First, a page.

Friday night we went to a restaurant with no kiddie menu. They served nothing remotely resembling a nugget. There were no televisions, video games or crayons. There were no sponsorship plaques on the wall. There were no "Partner in Education" banners. Had there been, it is unlikely that I would have recognized them as such, as they would have been written in Farsi.

Yes, folks, we went to a decidely kid UNfriendly restaurant, (unless you happen to be a Persian kid) and it was FABULOUS.

Years ago, Husband decided to give freelancing/consulting a whirl (healthcare premiums...need I say more?) and went into partnership with a guy who called himself Kevin, but whose given name was Hamid (Hah-meed). He got us completely hooked on Persian Food and his wife helped Husband learn all the secrets of preparing it. After 8 years of experimentation, he is really good at it. However, prepartion takes hours and hours. I can't believe Persian women cook this way every day. They would have to be in a state of perpetual preparation. It's like an entire culture reached into my subconscious and pulled out my worst nightmare. The neverending meal....((shudder)).

Fortunately, I am not a Persian woman. But I can eat like one, thanks to Darvish. As is often the case with delicious little "diamond in the rough" eating establishments, Darvish is very unassuming from the outside. It's located in a nondescript little strip mall, tucked away in the corner where it is barely visible from the road. This means that unlike every other eating establishment in Metro Atlanta on a Friday night, you do not have to wait 45-90 minutes for a table. Standing up. Outside. It also means that nobody is rushing you out the door four seconds after you swallow the last bite to make room for a party of 37.

Our reservation was for 7:30 and when we arrived, only one other table was occupied. The ambience was, for all it's contrivance, (faux stonework on the walls, rough hewn "plank" tables, and worn looking "tapestry" covering everything) extremely charming in an old-world, fortress-y kind of way. The air was redolent with exotic spices and roasting meat. There was Persian music playing, which is sort of cacophonous, but also curiously mellifluous and...whimsical. Huge paintings of swarthy skinned men and sloe-eyed women hung from gilded frames, adding to the timeworn elegance. Along each wall were several tapestry covered platforms strewn with cushions and pillows intended for dining, which added to the distinctly authentic air of the place.

Since husband has a bum hip from a car wreck and I still have back problems from carrying a 9lb fetus, we chose a table for dining, but it did not detract at all from our enjoyment. Initially I was disappointed to find that the menu was somewhat limited, and many of my favorite dishes were not on it. I do understand however, that the amount of prep time that goes into most of these dishes would make offering an extensive menu somewhat of a logistical nightmare. You'd have to have a gargantuan kitchen and a staff of hundreds to pull it off. I do think the menu is diverse enough that there is something to please everyone. If you live in the metro area, and like to try new things, Darvish will not disappoint.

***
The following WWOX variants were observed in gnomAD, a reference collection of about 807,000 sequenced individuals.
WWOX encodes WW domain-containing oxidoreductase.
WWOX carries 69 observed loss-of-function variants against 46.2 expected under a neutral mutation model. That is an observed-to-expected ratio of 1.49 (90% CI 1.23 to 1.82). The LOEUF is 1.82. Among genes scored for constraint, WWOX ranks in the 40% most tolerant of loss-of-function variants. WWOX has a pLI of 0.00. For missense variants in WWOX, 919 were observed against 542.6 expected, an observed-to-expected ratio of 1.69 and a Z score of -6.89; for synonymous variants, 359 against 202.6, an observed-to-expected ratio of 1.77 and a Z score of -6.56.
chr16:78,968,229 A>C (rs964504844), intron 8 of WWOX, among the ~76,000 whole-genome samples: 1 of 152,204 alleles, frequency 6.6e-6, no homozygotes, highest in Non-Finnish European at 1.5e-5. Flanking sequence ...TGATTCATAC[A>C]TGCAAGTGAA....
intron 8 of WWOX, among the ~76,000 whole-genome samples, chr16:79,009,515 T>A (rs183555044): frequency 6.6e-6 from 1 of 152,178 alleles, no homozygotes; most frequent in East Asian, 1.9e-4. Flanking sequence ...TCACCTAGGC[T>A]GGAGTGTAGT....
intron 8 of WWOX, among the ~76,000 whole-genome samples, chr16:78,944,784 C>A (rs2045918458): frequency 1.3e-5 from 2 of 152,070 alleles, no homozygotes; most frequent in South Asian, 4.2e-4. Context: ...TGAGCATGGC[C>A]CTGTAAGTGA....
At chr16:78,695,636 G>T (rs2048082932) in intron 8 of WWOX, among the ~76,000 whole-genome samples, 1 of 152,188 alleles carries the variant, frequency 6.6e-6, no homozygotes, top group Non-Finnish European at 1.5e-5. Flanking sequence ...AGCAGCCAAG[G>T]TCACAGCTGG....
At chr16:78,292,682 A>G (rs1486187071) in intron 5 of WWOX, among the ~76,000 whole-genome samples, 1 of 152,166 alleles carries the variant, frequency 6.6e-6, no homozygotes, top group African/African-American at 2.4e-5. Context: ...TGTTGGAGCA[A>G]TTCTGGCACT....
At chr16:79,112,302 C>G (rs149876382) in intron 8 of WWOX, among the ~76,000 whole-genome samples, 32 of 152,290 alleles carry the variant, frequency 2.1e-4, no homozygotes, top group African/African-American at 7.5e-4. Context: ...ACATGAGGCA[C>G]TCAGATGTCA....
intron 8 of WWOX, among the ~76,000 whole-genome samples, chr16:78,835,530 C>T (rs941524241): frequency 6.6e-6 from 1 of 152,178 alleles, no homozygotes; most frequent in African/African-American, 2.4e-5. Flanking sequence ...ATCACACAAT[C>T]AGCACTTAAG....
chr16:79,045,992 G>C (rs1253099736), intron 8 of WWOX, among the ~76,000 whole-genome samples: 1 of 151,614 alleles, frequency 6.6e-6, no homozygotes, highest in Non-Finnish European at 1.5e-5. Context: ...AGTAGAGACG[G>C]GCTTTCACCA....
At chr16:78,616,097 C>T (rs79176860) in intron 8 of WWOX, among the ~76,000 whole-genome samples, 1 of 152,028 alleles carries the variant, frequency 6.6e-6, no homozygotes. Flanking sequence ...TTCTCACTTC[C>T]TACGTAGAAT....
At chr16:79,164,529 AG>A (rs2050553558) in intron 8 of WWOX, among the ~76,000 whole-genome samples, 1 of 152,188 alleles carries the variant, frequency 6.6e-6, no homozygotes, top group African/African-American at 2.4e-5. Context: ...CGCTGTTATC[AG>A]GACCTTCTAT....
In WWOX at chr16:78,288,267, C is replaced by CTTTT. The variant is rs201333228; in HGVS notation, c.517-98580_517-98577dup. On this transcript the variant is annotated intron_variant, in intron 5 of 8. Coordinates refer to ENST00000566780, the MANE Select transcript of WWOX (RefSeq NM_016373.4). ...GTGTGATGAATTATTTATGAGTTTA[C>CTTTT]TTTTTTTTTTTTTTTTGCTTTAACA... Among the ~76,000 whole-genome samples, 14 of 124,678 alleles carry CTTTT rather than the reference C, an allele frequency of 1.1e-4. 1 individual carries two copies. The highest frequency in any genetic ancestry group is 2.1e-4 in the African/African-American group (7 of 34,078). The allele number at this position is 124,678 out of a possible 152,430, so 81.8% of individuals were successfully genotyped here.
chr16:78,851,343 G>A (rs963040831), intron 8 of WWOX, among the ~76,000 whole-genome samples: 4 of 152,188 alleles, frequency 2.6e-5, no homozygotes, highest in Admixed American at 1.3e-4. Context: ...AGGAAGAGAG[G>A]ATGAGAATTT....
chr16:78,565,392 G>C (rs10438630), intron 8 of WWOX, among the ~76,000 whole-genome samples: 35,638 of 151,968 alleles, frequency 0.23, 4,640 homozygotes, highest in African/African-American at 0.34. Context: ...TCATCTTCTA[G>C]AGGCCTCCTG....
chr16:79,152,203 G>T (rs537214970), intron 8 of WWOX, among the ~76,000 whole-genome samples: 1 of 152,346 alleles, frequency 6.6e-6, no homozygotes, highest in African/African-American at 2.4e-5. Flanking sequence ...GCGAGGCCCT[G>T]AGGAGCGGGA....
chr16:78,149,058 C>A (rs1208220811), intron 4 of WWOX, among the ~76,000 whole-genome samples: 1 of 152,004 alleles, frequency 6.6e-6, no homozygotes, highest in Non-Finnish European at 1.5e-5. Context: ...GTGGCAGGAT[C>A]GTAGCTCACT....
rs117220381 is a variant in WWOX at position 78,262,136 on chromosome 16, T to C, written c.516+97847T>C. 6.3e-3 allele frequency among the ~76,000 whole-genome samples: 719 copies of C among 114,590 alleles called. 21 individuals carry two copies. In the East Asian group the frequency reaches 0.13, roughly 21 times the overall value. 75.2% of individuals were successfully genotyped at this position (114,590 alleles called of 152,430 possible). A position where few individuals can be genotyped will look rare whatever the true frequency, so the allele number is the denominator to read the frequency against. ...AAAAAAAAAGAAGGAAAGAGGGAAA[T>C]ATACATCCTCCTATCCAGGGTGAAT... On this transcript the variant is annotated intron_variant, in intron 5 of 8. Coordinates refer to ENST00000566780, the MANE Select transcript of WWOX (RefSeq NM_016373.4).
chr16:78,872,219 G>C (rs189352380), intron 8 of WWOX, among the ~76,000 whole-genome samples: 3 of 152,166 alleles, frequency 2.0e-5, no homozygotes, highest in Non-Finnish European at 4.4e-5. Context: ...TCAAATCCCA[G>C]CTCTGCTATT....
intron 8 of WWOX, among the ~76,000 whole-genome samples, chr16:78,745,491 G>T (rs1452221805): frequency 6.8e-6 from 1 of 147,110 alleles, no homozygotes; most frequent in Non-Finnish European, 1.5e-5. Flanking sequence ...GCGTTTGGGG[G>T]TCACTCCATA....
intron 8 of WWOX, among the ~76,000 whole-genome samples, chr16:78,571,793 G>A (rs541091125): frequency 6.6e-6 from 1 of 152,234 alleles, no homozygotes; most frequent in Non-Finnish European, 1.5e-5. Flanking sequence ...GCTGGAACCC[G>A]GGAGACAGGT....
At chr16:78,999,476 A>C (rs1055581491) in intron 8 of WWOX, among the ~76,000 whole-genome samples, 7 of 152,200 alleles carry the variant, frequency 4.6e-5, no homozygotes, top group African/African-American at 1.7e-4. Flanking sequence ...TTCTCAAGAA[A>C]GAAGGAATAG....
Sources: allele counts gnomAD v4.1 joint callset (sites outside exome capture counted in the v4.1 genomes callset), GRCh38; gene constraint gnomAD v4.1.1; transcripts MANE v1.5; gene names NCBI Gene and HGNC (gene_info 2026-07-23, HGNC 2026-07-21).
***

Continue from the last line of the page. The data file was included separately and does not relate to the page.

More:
We ordered Kashk-o-Bademjoon for an appetizer, but they do serve complimentary appetizers of flat bread, two different yogurt sauces, goat cheese, sweet onion, mint and cilantro. You pile this all together onto the flat bread to make sort of a Persian taco. The combination of these simple but rich flavors is wonderful. Add the Kashk-o-Bademjoon, and it is indescribably delicious. I ordered Chicken Barg and Husband Ordered Kabob-e-Sultani, which we shared back and forth. All of it was delectable, but since Husband has this uncanny knack for always ordering the better tasting dish, it was no surprise that the Kabob-e-Barg that came with his entree was far superior to my Chicken Barg. We ate every single bite, and here is the wonderful thing about Persian food...We were satisfied, full even, but not overstuffed. And one does not experience that bloated, queasy feeling that often accompanies a greasy, fat laden, high carb American Meal.

We lingered over wine and dessert, we talked, we laughed. We watched the bellydancer, who, with flaming red hair and milky white skin, was not terribly authentic, but put on a very good show, and whom to my delight, had a tiny little pot belly and decidedly womanly hips. We talked suggestively to one another with real words instead of G rated euphemisms. We talked in complete sentences.

And you know, that was the best part. As wonderful as it was, it wasn't the food, the wine, or the ambiance. The best part of the evening was being able to jettison the heavy load of parental obligation and shed the skin of problem solvers extraoridinaire. We revelled in the freedom, naked of responsibility. And that my friends, is what Spiritual Liposuction is all about.

The rest of the weekend was remarkable for its uneventfulness. We relaxed and talked and read. We sat down, and did not get up until we were behooved to do so. We drank We made no plans, but we did go to a movie because we felt like it; one with no children in the viewing audience. We did not spent 47.50 on concessions. We slept late. We made love with the bedroom door open. And once, just because I could, I screamed at the top of my lungs....